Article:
A new California bill designed to create a public banking system with free debit cards for all citizens presents a balancing act for the state on the part of entities that know financial organizations like the back of their hand.
While viewed as well-intentioned, the California Public Banking Option Act (Assembly Bill 1177) receives a lukewarm response from banks, credit unions, and even state comptroller Betty Yee.
It was introduced in February by Assemblyman Miguel Santiago, (D-Los Angeles) as a way to give low-income communities a head start. It is now in the State Appropriations Committee.
The bill mentions that one of two black and Latino households is “unbanked” or “underbanked,” with the idea that most banking services are chargeable. A quarter of Californians do not have accounts, the bill summary says.
He adds, “Californians earning less than $ 15 an hour represent 80.7% of the unbanked in the state. Black and Hispanic Californians make up 78.4%. Almost half (45.9%) of all households identifying Black in California and 41.1% of all households identifying Hispanic are unbanked or underbanked, compared to 15.5% of households identifying white. “
The bill is as much about social equity as it is about finances.
“When we talk about the economic recovery from COVID, it is not necessary that we cannot close the racial wealth income gap. When you are rich, your money makes money. When you are poor, you are not, ”said Tom Steel, Santiago’s legislative assistant.
By removing restrictions such as minimum balance requirements and overdrafting, the poor have a better chance of getting ahead. A third-party Fintech administrator would help the government process transactions on the backend of the program.
After a million dollars, it is hoped that the program will have no cost in six years.
“We hope he has a chance with 17 co-authors,” Steel said.
Santiago may have discovered the idea in the city of Los Angeles, which offers its citizens the Angeleno Card, a free debit card offered to households with incomes below the federal poverty line before the onset of the crisis. COVID-19 and who had their income. reduced by at least an additional 50% due to the outbreak.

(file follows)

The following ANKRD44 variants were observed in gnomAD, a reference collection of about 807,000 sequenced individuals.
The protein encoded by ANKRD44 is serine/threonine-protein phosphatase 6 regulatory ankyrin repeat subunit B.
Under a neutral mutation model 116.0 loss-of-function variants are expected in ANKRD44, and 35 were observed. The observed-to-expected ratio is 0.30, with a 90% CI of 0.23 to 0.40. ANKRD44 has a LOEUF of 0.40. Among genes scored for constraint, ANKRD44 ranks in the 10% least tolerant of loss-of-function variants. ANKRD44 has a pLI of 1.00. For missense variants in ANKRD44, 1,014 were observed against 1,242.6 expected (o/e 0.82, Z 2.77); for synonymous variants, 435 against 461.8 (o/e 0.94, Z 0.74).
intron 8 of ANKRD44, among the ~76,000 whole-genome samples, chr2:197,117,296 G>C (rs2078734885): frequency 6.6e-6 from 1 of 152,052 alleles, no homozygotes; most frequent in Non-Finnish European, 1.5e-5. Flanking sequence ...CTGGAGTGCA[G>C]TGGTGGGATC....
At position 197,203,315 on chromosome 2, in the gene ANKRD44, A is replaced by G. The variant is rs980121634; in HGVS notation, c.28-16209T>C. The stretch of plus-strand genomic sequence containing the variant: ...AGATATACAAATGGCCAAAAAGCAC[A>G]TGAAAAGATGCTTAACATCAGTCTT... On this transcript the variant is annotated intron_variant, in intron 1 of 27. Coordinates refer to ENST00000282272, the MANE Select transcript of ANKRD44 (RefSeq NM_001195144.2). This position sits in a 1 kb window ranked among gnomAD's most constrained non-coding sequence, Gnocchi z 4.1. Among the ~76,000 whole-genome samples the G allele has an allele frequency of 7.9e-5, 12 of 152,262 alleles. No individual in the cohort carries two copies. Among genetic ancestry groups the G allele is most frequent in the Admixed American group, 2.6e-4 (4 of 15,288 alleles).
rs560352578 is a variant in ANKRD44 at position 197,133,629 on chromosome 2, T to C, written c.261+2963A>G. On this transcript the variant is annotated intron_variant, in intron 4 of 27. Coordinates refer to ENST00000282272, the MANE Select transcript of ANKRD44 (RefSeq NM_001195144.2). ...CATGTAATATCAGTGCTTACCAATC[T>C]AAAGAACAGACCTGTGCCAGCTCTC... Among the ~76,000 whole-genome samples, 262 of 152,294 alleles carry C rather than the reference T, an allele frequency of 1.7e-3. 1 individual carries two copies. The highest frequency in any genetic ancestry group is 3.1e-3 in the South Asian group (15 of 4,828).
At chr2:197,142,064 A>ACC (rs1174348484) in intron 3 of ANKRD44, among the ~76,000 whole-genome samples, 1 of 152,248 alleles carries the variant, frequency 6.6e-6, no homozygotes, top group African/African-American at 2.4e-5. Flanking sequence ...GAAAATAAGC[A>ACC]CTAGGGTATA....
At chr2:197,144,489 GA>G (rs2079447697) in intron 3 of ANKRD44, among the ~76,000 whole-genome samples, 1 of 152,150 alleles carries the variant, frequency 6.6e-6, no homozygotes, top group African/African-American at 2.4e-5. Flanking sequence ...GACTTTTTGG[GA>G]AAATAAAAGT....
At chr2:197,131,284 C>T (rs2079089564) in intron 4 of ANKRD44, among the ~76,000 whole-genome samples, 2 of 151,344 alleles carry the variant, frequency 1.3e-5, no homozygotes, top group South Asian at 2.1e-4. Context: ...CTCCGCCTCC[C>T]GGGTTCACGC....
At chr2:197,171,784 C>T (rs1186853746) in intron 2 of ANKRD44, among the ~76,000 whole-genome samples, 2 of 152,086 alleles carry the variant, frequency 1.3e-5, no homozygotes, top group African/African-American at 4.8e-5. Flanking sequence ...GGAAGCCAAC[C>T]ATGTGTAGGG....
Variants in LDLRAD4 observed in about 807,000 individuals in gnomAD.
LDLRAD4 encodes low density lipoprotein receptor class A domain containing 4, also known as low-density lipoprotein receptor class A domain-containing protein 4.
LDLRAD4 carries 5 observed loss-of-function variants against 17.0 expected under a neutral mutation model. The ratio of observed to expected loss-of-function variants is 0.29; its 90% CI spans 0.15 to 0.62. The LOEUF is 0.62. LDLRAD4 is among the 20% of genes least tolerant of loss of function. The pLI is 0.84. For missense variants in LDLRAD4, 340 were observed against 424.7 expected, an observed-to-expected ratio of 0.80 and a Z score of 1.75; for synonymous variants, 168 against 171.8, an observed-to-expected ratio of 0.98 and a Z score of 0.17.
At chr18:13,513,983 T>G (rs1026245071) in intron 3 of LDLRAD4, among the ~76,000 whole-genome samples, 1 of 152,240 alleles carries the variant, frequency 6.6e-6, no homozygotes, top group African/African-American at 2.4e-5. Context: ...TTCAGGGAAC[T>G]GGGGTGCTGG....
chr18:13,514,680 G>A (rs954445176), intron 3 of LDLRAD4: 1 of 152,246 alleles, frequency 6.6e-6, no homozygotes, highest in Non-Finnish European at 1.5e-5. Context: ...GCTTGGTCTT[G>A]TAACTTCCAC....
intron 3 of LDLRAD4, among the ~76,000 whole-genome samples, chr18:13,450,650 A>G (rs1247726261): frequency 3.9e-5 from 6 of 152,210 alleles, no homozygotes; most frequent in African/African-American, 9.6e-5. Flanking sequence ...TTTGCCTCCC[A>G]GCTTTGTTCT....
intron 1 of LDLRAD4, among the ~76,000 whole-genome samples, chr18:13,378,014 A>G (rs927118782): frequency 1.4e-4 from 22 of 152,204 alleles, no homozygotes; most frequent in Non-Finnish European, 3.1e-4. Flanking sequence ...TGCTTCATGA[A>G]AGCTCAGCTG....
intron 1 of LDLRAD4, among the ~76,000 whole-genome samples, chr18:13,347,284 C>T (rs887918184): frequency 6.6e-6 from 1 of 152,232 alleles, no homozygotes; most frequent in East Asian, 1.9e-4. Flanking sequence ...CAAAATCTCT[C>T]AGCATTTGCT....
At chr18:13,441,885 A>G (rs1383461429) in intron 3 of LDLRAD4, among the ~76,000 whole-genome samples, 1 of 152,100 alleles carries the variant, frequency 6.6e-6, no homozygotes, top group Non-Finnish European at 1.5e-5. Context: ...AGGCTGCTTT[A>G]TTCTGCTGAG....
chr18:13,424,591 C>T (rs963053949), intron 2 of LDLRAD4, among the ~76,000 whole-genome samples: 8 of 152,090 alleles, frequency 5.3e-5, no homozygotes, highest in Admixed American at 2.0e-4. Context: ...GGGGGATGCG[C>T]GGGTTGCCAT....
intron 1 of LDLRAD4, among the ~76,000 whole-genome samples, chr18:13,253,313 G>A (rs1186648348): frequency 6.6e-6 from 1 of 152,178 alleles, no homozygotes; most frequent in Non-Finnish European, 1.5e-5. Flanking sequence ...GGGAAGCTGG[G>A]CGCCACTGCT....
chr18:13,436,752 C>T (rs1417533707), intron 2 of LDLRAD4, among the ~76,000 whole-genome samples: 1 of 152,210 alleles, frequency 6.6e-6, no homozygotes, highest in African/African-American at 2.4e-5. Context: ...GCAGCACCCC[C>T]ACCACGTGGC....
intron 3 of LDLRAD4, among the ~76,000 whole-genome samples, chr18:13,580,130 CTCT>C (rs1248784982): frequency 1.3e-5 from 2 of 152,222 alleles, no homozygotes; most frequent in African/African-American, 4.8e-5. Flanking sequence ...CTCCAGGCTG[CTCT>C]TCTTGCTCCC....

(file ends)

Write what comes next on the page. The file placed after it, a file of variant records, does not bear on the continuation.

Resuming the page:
The state’s proposal would form the BankCal program, which creates a quasi-public bank run by the government.
This is part of the sticking point for financial institutions and their advocacy groups.
“We are very opposed to the principle of state entry into banking,” said Robert Wilson, vice president of government affairs for the Sacramento-based California Credit Union League. “We applaud the intention, but we really want them to consider other options.”
The League of Credit Unions wrote a letter dated March 31 to lawmakers urging them to rethink the proposal.
“While CCUL recognizes the laudable objective and appreciates the intent of the bill, we believe the bill duplicates what credit unions already offer in their communities,” the letter said.
Many of the approximately 290 credits in California already offer free checking accounts with no “second chance opportunity,” the policy document points out.
Within the credit union community, 22 are also community development financial institutions credit unions. These designations indicate that a majority of their members meet the low income cutoffs. CDFIs are developed to promote the economic vitality of communities in difficulty. In January, they were the first to participate in the latest round of Paycheck Protection Program funds, which gave small businesses in low-income and minority-based communities access to capital.
“Credit unions already see themselves as ‘the people’s bank’ because of their unique structure and their ability to meet the needs of their communities,” the letter said.
Opposition from the credit unions came with another great power support.
“Banks are not easy to manage,” Beth Mills, spokesperson for the California Bankers Association, told the Business Journal. “It’s something the private sector has a good handle on.”
Something for nothing may not be the answer.
For Mills and others in the banking and financial world, paid services are needed to keep the system afloat and function.
Why else would California residents pay taxes, she points out.
“We certainly share a certain concern and interest in giving people access to people who don’t have bank accounts,” she said.
But there are other ways to achieve the same goal. Mills suggested the state should help promote the programs banks already have to help those in need.
The state’s top financier has voiced objections to the bill as a senior officer and watchdog of California’s finances.
Yee also wrote a letter in March which shared concerns about the “unlimited general fund (access) for start-up and administration costs to be continued in the annual budget bill for at least the first six years of the program,” said he declared.
“As California’s CFO responsible for paying government bonds, I think it is fiscally unwise for the state to run a public bank as it would expose the state to undue unknown financial and legal liability. She said in the letter.